As the Renegades are a group of passionate scooter riders, and there’s not been much happening in 2020 we decided to organise a trip to Mallorca once lockdown started to ease. The plan was to go over and see Dani and Tomás at Loco Wheels. They had already experienced us before, and they also came with the Renegades to Scooterist Meltdown.


We had some dates sorted for August, ‘Geordie Geoff’s’ holidays coinciding with Howard’s big birthday. Nine of us booked Manchester to Palma return for under £100, Hostal Pinar, with poolside rooms at 90€ and a complimentary transfer to and from the airport, we were ready to go.




Then 14 days COVID isolation kicked in for returning Spanish travellers, work commitments and other reasons, all combined, then nine soon became six. The guys who cancelled lost out on their flights as the green and orange airlines never offered a refund due to travelling against FCO advice.


If ever there was a need for masks it's with these lot...
If ever there was a need for masks it’s with these lot…


A spent force


Next on the list was getting travel insurance to cover us – we found one policy called Battleface. It’s usually used by actors, mercenaries, reporters and professional athletes who need to travel against FCO advice. So, the six of us, stealth-like athletes headed to the airport – what could possibly go wrong.


We landed in Mallorca, QR code at the ready, minibus waiting and a hotel with poolside rooms. Bags dropped off and we quickly hit the café bar next door. You just knew it was going to get messy. Aussie never gets drunk, never winds anyone up, never forgets to travel without his credit card and never likes wearing a mask. If you ride, eat and drink – nowhere in Spain enforces the mask rule, so we constantly did that.




Early doors the first night – 2 am-ish, which gave me the first time I have seen Aussie drunk in 20 years. He could not get out of the lift, or stop laughing – there’s a video on the Renegades Facebook page. Finally, the receptionist had to take him out of the lift. His rotund figure, in shorts, Salford Knights shirt and giggling non-stop was a sight for sore eyes… and I’d foolishly offered to share a room with him.




Friday morning, we were up early as we were going on an escorted tour. Despite the travel restrictions, Loco Wheels have had a busy year and they now have 30 Scomadis on the fleet. Even so, today was the first time during COVID-19 that they had a Lambretta Tour organised. So Tomás and Dani, decided to bring their mate (from Meltdown) Juan, to use the day with us as their ‘Team away day’. Imagine having Tomás, their master mechanic with you all day to fix your woes. Actually, we had no breakdowns as such, just minor starting up and fuel issues, but nothing to write home about. Five classic Lambrettas and a Scomadi later we were ready. We took them out of the “Aladdin’s Cave” of a workshop and set off. We had three pristine Lambrettas, a Lince and I rode Dani’s Winter Model.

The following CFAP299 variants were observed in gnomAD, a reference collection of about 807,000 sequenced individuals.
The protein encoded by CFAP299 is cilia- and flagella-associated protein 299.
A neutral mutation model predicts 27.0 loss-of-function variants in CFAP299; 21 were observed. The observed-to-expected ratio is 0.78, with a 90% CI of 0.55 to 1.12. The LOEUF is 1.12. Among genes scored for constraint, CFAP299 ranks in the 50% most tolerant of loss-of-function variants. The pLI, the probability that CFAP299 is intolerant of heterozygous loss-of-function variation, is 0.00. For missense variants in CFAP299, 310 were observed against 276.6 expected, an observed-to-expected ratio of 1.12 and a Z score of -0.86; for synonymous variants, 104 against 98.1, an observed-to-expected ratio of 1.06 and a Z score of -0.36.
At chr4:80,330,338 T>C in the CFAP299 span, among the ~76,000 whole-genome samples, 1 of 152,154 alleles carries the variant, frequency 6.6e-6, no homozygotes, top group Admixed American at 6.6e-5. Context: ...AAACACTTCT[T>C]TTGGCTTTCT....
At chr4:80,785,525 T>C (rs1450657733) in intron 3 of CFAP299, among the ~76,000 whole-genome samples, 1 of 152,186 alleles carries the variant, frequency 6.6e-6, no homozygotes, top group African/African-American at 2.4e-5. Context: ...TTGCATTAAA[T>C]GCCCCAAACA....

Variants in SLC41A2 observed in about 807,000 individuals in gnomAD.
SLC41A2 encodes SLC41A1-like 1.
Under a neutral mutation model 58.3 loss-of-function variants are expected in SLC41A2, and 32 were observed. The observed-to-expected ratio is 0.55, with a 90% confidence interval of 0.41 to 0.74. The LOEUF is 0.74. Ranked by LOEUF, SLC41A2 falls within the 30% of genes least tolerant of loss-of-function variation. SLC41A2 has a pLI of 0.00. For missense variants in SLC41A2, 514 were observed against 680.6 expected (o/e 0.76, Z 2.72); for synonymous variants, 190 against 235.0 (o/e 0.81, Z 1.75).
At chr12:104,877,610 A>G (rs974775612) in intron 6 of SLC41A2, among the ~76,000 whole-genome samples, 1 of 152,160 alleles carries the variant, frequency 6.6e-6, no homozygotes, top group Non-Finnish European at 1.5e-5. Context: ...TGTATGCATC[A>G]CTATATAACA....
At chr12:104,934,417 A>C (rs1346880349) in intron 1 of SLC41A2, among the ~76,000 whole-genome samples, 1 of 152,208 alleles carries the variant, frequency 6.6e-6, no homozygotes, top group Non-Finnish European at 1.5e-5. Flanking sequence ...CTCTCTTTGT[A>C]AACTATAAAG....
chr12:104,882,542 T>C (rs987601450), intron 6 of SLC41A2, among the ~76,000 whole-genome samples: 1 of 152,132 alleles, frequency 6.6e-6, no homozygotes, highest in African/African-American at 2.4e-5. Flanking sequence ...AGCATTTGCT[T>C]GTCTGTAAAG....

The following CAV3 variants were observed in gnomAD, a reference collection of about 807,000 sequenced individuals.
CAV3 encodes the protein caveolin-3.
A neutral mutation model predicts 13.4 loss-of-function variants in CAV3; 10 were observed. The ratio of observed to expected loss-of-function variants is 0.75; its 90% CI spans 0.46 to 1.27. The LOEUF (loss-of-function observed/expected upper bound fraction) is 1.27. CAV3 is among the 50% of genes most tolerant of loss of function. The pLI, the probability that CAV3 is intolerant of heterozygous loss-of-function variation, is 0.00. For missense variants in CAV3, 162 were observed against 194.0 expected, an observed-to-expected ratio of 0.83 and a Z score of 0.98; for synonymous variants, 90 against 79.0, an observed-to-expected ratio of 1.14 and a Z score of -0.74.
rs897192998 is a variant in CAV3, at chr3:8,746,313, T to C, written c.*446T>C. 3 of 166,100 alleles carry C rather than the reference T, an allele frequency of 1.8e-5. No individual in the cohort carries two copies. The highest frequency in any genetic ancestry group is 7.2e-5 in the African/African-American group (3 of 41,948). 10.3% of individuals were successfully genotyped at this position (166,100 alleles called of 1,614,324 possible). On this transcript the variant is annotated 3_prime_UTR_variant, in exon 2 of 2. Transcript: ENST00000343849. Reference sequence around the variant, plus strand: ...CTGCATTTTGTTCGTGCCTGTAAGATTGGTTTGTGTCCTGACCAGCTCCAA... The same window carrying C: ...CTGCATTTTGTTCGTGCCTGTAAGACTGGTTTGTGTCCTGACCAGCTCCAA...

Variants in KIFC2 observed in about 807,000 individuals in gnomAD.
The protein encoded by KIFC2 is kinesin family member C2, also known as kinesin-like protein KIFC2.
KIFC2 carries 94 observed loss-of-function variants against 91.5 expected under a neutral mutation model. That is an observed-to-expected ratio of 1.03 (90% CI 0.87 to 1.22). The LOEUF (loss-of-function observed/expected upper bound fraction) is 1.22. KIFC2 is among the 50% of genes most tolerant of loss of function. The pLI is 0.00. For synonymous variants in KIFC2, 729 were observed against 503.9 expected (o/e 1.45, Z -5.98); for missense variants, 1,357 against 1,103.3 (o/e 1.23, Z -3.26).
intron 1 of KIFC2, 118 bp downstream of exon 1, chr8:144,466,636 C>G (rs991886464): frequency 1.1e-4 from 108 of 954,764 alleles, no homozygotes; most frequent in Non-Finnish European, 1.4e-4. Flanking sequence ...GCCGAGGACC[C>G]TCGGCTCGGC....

We had a choice of two tours, the shorter one with food and drink stops, or the longer one, two hours longer and a harder ride. No guesses here then.


A warm-up ride to take us to the first stop outside Palma – a quick beer and a natter to see how everyone was handling their steeds. I was already struggling getting to grips with a Mugello, but sorted that out. We set off to Soller, where they built a tunnel to save the locals hours on driving over the mountain, but Dani is too tight to pay, so we took an amazing twisty – turny ride over the mountain, stopping at the top for a photoshoot. This was an absolutely amazing ride that would equal the Isle of Man, Amalfi Coast, Ronda or Tuscany. It was great having Juan there, as he took many photos on our phones, capturing the great action had by all.




We headed back down for a quick beer before lunch, more beer(s) and then a swim. We all brought our bathing suits and we were off. Except for Aussie who took the cautious route, in his trainers (steel toe cap), walking down the groyne before he went arse over tit, rolled into the sea and nearly drowned some poor kid.


Lighting the candles for Howard's cake took longer than the flight from Manchester
Lighting the candles for Howard’s cake took longer than the flight from Manchester